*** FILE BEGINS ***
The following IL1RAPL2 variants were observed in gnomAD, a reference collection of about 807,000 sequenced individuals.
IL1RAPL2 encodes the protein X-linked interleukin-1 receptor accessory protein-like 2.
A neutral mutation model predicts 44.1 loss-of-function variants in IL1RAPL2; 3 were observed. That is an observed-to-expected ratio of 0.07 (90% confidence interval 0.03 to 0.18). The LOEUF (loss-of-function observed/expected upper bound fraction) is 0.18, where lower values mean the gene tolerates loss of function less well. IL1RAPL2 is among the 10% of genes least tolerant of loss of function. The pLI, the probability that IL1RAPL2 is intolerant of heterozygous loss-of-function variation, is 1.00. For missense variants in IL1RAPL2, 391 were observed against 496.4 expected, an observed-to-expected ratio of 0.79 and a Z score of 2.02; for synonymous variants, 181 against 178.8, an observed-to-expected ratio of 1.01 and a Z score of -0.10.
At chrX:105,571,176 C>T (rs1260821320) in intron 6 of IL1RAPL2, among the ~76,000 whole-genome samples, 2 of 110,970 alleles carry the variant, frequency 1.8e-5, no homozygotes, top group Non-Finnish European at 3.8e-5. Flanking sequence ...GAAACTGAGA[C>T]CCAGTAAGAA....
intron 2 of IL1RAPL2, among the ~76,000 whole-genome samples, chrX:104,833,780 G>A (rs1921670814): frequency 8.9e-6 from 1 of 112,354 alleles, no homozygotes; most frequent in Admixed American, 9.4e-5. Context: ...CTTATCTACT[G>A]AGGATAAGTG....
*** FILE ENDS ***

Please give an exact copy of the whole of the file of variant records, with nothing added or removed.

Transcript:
The following IL1RAPL2 variants were observed in gnomAD, a reference collection of about 807,000 sequenced individuals.
IL1RAPL2 encodes the protein X-linked interleukin-1 receptor accessory protein-like 2.
A neutral mutation model predicts 44.1 loss-of-function variants in IL1RAPL2; 3 were observed. That is an observed-to-expected ratio of 0.07 (90% confidence interval 0.03 to 0.18). The LOEUF (loss-of-function observed/expected upper bound fraction) is 0.18, where lower values mean the gene tolerates loss of function less well. IL1RAPL2 is among the 10% of genes least tolerant of loss of function. The pLI, the probability that IL1RAPL2 is intolerant of heterozygous loss-of-function variation, is 1.00. For missense variants in IL1RAPL2, 391 were observed against 496.4 expected, an observed-to-expected ratio of 0.79 and a Z score of 2.02; for synonymous variants, 181 against 178.8, an observed-to-expected ratio of 1.01 and a Z score of -0.10.
At chrX:105,571,176 C>T (rs1260821320) in intron 6 of IL1RAPL2, among the ~76,000 whole-genome samples, 2 of 110,970 alleles carry the variant, frequency 1.8e-5, no homozygotes, top group Non-Finnish European at 3.8e-5. Flanking sequence ...GAAACTGAGA[C>T]CCAGTAAGAA....
intron 2 of IL1RAPL2, among the ~76,000 whole-genome samples, chrX:104,833,780 G>A (rs1921670814): frequency 8.9e-6 from 1 of 112,354 alleles, no homozygotes; most frequent in Admixed American, 9.4e-5. Context: ...CTTATCTACT[G>A]AGGATAAGTG....